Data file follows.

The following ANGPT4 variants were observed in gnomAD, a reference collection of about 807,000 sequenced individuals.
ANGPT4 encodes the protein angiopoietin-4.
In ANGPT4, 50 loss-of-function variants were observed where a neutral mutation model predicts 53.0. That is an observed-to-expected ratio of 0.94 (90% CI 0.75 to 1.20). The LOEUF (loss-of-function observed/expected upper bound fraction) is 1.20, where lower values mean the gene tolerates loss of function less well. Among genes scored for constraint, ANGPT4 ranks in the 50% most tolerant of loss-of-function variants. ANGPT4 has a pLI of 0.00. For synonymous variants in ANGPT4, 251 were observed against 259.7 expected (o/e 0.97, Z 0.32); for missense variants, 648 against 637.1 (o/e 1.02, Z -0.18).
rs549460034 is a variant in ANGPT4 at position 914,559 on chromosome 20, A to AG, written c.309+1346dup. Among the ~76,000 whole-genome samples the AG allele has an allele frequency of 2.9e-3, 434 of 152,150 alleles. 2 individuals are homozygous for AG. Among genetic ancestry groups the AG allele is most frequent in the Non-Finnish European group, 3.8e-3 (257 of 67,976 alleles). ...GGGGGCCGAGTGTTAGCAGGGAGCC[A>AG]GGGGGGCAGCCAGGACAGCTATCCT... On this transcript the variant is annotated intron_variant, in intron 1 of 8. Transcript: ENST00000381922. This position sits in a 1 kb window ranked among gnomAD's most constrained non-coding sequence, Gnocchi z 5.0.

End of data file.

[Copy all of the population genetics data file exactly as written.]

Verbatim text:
The following ANGPT4 variants were observed in gnomAD, a reference collection of about 807,000 sequenced individuals.
ANGPT4 encodes the protein angiopoietin-4.
In ANGPT4, 50 loss-of-function variants were observed where a neutral mutation model predicts 53.0. That is an observed-to-expected ratio of 0.94 (90% CI 0.75 to 1.20). The LOEUF (loss-of-function observed/expected upper bound fraction) is 1.20, where lower values mean the gene tolerates loss of function less well. Among genes scored for constraint, ANGPT4 ranks in the 50% most tolerant of loss-of-function variants. ANGPT4 has a pLI of 0.00. For synonymous variants in ANGPT4, 251 were observed against 259.7 expected (o/e 0.97, Z 0.32); for missense variants, 648 against 637.1 (o/e 1.02, Z -0.18).
rs549460034 is a variant in ANGPT4 at position 914,559 on chromosome 20, A to AG, written c.309+1346dup. Among the ~76,000 whole-genome samples the AG allele has an allele frequency of 2.9e-3, 434 of 152,150 alleles. 2 individuals are homozygous for AG. Among genetic ancestry groups the AG allele is most frequent in the Non-Finnish European group, 3.8e-3 (257 of 67,976 alleles). ...GGGGGCCGAGTGTTAGCAGGGAGCC[A>AG]GGGGGGCAGCCAGGACAGCTATCCT... On this transcript the variant is annotated intron_variant, in intron 1 of 8. Transcript: ENST00000381922. This position sits in a 1 kb window ranked among gnomAD's most constrained non-coding sequence, Gnocchi z 5.0.